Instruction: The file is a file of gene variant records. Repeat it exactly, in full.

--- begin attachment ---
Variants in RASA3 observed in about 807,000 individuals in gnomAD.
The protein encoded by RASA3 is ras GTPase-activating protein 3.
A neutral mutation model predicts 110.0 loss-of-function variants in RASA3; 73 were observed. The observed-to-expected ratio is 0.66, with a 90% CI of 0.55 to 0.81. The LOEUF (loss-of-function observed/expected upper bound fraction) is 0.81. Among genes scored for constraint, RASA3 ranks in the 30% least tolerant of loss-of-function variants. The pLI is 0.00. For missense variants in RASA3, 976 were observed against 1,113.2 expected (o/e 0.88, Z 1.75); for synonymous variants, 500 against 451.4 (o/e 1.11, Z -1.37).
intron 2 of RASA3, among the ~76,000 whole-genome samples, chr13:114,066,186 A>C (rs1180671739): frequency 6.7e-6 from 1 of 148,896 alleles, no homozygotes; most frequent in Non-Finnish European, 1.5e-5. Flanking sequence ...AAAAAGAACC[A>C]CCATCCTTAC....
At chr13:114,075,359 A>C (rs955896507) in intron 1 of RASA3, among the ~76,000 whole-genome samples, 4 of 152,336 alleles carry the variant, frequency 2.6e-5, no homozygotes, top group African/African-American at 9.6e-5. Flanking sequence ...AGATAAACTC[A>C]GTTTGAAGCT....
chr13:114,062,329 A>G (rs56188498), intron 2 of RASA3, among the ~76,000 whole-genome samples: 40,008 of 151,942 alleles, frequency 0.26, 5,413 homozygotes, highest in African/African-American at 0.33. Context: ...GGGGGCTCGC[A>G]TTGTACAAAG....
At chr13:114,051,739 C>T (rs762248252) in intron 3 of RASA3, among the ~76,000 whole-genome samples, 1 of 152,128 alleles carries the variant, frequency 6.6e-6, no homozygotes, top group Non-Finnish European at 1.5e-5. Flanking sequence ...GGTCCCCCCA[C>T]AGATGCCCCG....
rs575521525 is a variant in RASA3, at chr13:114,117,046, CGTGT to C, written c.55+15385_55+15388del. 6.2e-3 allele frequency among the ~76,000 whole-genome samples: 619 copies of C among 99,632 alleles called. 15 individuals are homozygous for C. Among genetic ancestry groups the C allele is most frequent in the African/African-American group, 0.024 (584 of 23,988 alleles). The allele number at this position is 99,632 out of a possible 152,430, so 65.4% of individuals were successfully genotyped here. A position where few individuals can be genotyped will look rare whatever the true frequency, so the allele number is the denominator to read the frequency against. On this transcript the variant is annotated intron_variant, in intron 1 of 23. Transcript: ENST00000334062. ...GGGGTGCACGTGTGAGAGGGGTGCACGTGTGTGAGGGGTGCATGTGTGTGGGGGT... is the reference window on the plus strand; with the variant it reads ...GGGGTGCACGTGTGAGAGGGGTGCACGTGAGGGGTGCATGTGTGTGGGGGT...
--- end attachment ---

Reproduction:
Variants in RASA3 observed in about 807,000 individuals in gnomAD.
The protein encoded by RASA3 is ras GTPase-activating protein 3.
A neutral mutation model predicts 110.0 loss-of-function variants in RASA3; 73 were observed. The observed-to-expected ratio is 0.66, with a 90% CI of 0.55 to 0.81. The LOEUF (loss-of-function observed/expected upper bound fraction) is 0.81. Among genes scored for constraint, RASA3 ranks in the 30% least tolerant of loss-of-function variants. The pLI is 0.00. For missense variants in RASA3, 976 were observed against 1,113.2 expected (o/e 0.88, Z 1.75); for synonymous variants, 500 against 451.4 (o/e 1.11, Z -1.37).
intron 2 of RASA3, among the ~76,000 whole-genome samples, chr13:114,066,186 A>C (rs1180671739): frequency 6.7e-6 from 1 of 148,896 alleles, no homozygotes; most frequent in Non-Finnish European, 1.5e-5. Flanking sequence ...AAAAAGAACC[A>C]CCATCCTTAC....
At chr13:114,075,359 A>C (rs955896507) in intron 1 of RASA3, among the ~76,000 whole-genome samples, 4 of 152,336 alleles carry the variant, frequency 2.6e-5, no homozygotes, top group African/African-American at 9.6e-5. Flanking sequence ...AGATAAACTC[A>C]GTTTGAAGCT....
chr13:114,062,329 A>G (rs56188498), intron 2 of RASA3, among the ~76,000 whole-genome samples: 40,008 of 151,942 alleles, frequency 0.26, 5,413 homozygotes, highest in African/African-American at 0.33. Context: ...GGGGGCTCGC[A>G]TTGTACAAAG....
At chr13:114,051,739 C>T (rs762248252) in intron 3 of RASA3, among the ~76,000 whole-genome samples, 1 of 152,128 alleles carries the variant, frequency 6.6e-6, no homozygotes, top group Non-Finnish European at 1.5e-5. Flanking sequence ...GGTCCCCCCA[C>T]AGATGCCCCG....
rs575521525 is a variant in RASA3, at chr13:114,117,046, CGTGT to C, written c.55+15385_55+15388del. 6.2e-3 allele frequency among the ~76,000 whole-genome samples: 619 copies of C among 99,632 alleles called. 15 individuals are homozygous for C. Among genetic ancestry groups the C allele is most frequent in the African/African-American group, 0.024 (584 of 23,988 alleles). The allele number at this position is 99,632 out of a possible 152,430, so 65.4% of individuals were successfully genotyped here. A position where few individuals can be genotyped will look rare whatever the true frequency, so the allele number is the denominator to read the frequency against. On this transcript the variant is annotated intron_variant, in intron 1 of 23. Transcript: ENST00000334062. ...GGGGTGCACGTGTGAGAGGGGTGCACGTGTGTGAGGGGTGCATGTGTGTGGGGGT... is the reference window on the plus strand; with the variant it reads ...GGGGTGCACGTGTGAGAGGGGTGCACGTGAGGGGTGCATGTGTGTGGGGGT...